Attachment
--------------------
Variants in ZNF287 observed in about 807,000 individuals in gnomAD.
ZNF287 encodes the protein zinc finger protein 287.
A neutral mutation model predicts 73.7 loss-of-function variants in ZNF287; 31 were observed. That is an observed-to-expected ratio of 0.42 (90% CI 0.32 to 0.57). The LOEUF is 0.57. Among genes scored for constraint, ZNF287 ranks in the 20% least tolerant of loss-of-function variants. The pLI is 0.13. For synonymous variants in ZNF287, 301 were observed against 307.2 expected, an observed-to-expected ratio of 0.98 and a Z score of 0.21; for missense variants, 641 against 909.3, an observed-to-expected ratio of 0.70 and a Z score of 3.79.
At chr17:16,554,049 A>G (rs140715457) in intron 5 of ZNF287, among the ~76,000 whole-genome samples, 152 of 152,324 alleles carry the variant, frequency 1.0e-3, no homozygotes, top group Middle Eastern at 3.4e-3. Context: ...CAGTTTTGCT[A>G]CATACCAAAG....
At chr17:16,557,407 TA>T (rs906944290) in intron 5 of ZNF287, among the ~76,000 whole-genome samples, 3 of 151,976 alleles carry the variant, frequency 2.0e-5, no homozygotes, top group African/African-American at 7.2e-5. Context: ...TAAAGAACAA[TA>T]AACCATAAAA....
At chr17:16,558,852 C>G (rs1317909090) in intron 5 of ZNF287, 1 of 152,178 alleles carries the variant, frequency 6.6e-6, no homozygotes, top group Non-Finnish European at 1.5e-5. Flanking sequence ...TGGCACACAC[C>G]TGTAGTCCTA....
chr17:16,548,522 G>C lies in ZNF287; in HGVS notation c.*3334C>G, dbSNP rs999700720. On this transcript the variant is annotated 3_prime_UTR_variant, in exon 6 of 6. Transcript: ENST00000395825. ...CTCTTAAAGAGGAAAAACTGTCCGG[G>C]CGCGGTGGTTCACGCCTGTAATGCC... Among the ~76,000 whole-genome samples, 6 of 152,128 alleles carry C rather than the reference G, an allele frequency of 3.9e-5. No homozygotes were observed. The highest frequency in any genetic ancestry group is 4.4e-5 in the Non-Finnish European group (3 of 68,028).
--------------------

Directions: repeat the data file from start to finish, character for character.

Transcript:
Variants in ZNF287 observed in about 807,000 individuals in gnomAD.
ZNF287 encodes the protein zinc finger protein 287.
A neutral mutation model predicts 73.7 loss-of-function variants in ZNF287; 31 were observed. That is an observed-to-expected ratio of 0.42 (90% CI 0.32 to 0.57). The LOEUF is 0.57. Among genes scored for constraint, ZNF287 ranks in the 20% least tolerant of loss-of-function variants. The pLI is 0.13. For synonymous variants in ZNF287, 301 were observed against 307.2 expected, an observed-to-expected ratio of 0.98 and a Z score of 0.21; for missense variants, 641 against 909.3, an observed-to-expected ratio of 0.70 and a Z score of 3.79.
At chr17:16,554,049 A>G (rs140715457) in intron 5 of ZNF287, among the ~76,000 whole-genome samples, 152 of 152,324 alleles carry the variant, frequency 1.0e-3, no homozygotes, top group Middle Eastern at 3.4e-3. Context: ...CAGTTTTGCT[A>G]CATACCAAAG....
At chr17:16,557,407 TA>T (rs906944290) in intron 5 of ZNF287, among the ~76,000 whole-genome samples, 3 of 151,976 alleles carry the variant, frequency 2.0e-5, no homozygotes, top group African/African-American at 7.2e-5. Context: ...TAAAGAACAA[TA>T]AACCATAAAA....
At chr17:16,558,852 C>G (rs1317909090) in intron 5 of ZNF287, 1 of 152,178 alleles carries the variant, frequency 6.6e-6, no homozygotes, top group Non-Finnish European at 1.5e-5. Flanking sequence ...TGGCACACAC[C>G]TGTAGTCCTA....
chr17:16,548,522 G>C lies in ZNF287; in HGVS notation c.*3334C>G, dbSNP rs999700720. On this transcript the variant is annotated 3_prime_UTR_variant, in exon 6 of 6. Transcript: ENST00000395825. ...CTCTTAAAGAGGAAAAACTGTCCGG[G>C]CGCGGTGGTTCACGCCTGTAATGCC... Among the ~76,000 whole-genome samples, 6 of 152,128 alleles carry C rather than the reference G, an allele frequency of 3.9e-5. No homozygotes were observed. The highest frequency in any genetic ancestry group is 4.4e-5 in the Non-Finnish European group (3 of 68,028).